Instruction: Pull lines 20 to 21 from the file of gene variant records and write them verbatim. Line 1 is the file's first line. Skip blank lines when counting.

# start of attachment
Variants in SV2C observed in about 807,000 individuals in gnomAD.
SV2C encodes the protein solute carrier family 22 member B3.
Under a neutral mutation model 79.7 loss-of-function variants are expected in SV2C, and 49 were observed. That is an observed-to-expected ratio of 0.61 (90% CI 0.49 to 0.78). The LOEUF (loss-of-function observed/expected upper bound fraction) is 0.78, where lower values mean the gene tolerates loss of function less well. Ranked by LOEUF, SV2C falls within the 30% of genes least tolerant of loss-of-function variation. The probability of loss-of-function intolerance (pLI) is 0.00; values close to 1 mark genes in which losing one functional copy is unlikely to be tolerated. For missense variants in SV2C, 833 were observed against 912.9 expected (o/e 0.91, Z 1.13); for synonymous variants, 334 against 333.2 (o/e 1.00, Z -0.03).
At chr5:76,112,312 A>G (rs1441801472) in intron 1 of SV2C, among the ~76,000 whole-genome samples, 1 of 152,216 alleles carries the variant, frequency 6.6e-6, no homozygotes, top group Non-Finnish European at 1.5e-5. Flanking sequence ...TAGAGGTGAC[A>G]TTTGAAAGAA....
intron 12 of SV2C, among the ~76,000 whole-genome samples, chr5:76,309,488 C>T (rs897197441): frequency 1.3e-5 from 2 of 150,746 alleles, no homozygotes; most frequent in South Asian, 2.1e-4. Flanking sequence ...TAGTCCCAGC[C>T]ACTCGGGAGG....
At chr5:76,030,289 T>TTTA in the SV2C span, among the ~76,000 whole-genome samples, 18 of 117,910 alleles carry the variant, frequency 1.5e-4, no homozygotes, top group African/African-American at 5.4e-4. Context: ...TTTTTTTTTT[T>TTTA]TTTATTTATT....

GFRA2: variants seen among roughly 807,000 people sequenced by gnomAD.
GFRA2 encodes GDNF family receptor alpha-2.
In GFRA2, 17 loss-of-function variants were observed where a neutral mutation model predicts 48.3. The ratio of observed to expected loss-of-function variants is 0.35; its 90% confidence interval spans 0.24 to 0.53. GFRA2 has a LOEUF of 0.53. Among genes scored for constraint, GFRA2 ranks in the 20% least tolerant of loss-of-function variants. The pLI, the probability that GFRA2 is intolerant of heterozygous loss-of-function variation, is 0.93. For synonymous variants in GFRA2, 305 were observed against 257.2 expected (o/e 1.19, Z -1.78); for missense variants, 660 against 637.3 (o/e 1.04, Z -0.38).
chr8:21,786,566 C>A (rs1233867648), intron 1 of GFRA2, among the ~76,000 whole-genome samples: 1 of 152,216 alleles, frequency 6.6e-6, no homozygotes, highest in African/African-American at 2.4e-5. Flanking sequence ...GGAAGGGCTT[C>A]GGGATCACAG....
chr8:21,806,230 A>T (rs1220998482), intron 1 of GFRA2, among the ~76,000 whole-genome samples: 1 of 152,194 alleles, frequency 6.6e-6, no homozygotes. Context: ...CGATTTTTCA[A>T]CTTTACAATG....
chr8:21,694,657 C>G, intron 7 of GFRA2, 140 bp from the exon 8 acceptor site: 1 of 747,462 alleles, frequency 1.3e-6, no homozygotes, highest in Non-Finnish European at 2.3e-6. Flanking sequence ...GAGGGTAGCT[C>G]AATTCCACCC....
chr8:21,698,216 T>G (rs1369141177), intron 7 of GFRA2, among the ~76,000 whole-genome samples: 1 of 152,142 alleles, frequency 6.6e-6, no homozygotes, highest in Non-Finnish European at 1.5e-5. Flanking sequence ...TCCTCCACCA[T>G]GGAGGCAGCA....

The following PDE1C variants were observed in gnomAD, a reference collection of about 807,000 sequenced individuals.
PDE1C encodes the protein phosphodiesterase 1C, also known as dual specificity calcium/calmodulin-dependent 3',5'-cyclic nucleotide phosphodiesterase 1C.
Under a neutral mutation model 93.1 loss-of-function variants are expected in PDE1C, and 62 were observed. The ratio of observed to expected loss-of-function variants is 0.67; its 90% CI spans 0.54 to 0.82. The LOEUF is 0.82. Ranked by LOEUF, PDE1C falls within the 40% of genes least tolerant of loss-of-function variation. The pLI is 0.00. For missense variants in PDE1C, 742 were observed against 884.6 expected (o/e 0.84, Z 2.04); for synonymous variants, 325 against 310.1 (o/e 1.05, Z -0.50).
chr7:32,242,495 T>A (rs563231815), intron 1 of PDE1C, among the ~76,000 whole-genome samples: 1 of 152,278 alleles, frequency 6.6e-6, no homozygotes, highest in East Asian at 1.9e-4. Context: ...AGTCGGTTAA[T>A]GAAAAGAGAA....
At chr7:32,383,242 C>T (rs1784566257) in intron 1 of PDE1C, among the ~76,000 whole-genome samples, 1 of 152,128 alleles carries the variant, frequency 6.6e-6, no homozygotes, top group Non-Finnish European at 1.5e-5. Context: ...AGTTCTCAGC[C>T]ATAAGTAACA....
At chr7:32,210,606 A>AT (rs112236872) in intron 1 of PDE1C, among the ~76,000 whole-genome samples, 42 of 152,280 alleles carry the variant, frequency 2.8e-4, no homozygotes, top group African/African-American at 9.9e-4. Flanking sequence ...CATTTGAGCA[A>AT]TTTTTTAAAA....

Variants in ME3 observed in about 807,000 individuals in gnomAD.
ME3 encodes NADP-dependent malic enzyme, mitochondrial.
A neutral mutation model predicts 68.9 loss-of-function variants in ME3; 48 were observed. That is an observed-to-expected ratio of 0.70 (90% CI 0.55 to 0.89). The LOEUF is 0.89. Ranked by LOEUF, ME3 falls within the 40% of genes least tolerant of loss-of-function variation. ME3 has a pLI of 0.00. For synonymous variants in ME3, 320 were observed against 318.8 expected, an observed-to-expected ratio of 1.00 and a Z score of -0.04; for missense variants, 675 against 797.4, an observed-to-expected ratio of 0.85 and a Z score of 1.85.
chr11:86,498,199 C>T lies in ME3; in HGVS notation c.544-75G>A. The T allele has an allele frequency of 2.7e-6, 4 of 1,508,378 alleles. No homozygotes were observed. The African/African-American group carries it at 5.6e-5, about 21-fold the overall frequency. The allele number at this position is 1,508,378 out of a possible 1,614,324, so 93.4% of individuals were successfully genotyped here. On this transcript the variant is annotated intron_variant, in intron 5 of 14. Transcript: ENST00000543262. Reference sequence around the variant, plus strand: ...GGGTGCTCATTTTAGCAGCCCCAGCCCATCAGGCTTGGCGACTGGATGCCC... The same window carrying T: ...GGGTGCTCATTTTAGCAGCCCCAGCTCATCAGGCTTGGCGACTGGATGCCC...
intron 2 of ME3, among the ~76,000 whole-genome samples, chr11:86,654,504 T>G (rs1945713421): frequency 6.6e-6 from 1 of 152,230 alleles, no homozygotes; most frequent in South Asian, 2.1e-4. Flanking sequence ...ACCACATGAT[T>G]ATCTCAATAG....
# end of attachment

Variants in ME3 observed in about 807,000 individuals in gnomAD.
ME3 encodes NADP-dependent malic enzyme, mitochondrial.